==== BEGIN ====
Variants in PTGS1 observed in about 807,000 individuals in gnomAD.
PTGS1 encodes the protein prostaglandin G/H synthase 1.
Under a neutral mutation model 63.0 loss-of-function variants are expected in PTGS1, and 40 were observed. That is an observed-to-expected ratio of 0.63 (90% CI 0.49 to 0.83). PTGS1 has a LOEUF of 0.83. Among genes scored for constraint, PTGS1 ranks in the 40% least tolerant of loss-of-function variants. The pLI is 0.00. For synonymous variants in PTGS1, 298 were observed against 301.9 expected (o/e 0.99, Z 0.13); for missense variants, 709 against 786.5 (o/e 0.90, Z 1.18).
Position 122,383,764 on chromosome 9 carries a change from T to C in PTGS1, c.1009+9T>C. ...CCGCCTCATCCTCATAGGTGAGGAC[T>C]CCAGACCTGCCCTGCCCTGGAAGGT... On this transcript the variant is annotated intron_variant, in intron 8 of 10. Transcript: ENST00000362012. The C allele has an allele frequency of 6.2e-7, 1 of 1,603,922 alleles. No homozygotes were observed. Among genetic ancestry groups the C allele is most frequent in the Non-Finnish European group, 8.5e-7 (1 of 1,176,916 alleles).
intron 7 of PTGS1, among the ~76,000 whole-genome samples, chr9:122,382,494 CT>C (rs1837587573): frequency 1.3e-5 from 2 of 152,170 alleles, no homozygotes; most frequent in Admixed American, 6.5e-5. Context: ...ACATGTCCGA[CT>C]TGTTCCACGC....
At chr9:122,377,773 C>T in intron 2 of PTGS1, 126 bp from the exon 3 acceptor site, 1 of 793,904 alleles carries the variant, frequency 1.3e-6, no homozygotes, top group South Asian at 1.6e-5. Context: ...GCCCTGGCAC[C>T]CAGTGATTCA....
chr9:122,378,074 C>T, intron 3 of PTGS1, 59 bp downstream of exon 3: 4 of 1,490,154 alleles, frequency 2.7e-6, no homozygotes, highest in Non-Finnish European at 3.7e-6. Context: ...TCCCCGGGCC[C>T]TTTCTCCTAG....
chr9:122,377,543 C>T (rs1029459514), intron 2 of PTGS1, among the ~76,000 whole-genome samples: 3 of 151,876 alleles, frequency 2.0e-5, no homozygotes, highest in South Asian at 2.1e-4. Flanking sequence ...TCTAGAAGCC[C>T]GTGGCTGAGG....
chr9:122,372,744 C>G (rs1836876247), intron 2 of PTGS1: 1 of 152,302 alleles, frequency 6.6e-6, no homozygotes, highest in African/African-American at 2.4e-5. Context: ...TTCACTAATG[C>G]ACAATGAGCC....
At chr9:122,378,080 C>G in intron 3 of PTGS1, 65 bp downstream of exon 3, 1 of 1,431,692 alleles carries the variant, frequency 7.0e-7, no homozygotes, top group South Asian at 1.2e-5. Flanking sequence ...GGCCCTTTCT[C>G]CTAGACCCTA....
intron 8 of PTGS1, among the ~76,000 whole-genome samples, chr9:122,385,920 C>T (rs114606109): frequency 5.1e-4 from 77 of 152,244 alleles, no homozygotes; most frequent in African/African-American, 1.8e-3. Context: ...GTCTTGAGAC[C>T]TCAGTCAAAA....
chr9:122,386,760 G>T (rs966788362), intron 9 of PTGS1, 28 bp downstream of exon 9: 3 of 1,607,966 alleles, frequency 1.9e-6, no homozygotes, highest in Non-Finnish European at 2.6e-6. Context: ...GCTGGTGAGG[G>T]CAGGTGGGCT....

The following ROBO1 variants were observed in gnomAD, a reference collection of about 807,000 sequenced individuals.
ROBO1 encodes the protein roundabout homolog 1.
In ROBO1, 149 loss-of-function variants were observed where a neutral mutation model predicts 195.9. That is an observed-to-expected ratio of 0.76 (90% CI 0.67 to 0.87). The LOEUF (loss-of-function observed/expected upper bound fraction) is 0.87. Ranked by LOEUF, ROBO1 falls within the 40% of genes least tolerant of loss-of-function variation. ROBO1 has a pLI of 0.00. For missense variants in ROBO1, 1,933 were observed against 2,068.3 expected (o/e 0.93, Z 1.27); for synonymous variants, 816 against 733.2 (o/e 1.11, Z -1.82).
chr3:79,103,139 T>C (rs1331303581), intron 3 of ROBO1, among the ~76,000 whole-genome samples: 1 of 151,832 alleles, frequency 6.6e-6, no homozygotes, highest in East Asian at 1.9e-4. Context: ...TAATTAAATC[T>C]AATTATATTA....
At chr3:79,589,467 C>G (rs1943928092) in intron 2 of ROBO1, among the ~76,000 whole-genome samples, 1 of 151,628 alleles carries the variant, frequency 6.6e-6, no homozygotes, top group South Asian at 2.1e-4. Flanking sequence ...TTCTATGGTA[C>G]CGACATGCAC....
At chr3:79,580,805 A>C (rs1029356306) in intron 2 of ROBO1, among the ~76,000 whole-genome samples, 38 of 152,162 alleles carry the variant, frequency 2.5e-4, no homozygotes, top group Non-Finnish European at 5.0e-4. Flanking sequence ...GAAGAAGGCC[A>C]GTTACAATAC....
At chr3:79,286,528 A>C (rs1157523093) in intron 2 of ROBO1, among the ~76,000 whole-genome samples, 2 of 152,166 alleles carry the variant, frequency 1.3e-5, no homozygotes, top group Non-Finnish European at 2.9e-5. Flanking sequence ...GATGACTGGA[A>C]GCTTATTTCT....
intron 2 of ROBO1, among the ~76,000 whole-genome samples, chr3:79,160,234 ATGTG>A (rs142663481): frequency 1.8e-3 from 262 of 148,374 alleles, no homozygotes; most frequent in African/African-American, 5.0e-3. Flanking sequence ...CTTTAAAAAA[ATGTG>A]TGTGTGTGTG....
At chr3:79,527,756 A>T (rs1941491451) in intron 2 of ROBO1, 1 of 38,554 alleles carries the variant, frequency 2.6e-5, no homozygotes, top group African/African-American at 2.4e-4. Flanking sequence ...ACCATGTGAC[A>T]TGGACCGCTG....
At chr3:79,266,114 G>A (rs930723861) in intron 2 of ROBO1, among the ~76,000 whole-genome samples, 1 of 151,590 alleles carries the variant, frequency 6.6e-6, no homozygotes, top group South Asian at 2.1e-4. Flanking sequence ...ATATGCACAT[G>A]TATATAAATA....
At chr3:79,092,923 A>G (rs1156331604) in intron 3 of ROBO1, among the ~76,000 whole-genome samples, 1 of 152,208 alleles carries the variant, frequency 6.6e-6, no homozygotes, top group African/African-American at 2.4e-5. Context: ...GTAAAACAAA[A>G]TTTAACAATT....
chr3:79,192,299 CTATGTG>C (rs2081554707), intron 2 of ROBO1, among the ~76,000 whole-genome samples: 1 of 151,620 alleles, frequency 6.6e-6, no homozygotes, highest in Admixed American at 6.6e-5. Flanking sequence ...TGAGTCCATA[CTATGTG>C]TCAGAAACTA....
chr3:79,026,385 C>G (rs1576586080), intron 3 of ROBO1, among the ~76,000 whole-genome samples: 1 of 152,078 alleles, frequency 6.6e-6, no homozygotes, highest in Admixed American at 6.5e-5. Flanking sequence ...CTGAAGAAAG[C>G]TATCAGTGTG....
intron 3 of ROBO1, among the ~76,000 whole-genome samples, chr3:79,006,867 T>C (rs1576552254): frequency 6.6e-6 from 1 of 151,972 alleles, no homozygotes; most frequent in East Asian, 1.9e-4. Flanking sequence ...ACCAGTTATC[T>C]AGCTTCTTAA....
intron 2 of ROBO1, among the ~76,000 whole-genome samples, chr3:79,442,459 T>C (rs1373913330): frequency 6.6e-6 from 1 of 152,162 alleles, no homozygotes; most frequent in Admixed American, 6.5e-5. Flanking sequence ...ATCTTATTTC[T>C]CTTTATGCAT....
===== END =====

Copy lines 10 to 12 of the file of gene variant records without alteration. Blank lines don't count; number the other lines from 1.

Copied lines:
At chr9:122,378,080 C>G in intron 3 of PTGS1, 65 bp downstream of exon 3, 1 of 1,431,692 alleles carries the variant, frequency 7.0e-7, no homozygotes, top group South Asian at 1.2e-5. Flanking sequence ...GGCCCTTTCT[C>G]CTAGACCCTA....
intron 8 of PTGS1, among the ~76,000 whole-genome samples, chr9:122,385,920 C>T (rs114606109): frequency 5.1e-4 from 77 of 152,244 alleles, no homozygotes; most frequent in African/African-American, 1.8e-3. Context: ...GTCTTGAGAC[C>T]TCAGTCAAAA....
chr9:122,386,760 G>T (rs966788362), intron 9 of PTGS1, 28 bp downstream of exon 9: 3 of 1,607,966 alleles, frequency 1.9e-6, no homozygotes, highest in Non-Finnish European at 2.6e-6. Context: ...GCTGGTGAGG[G>T]CAGGTGGGCT....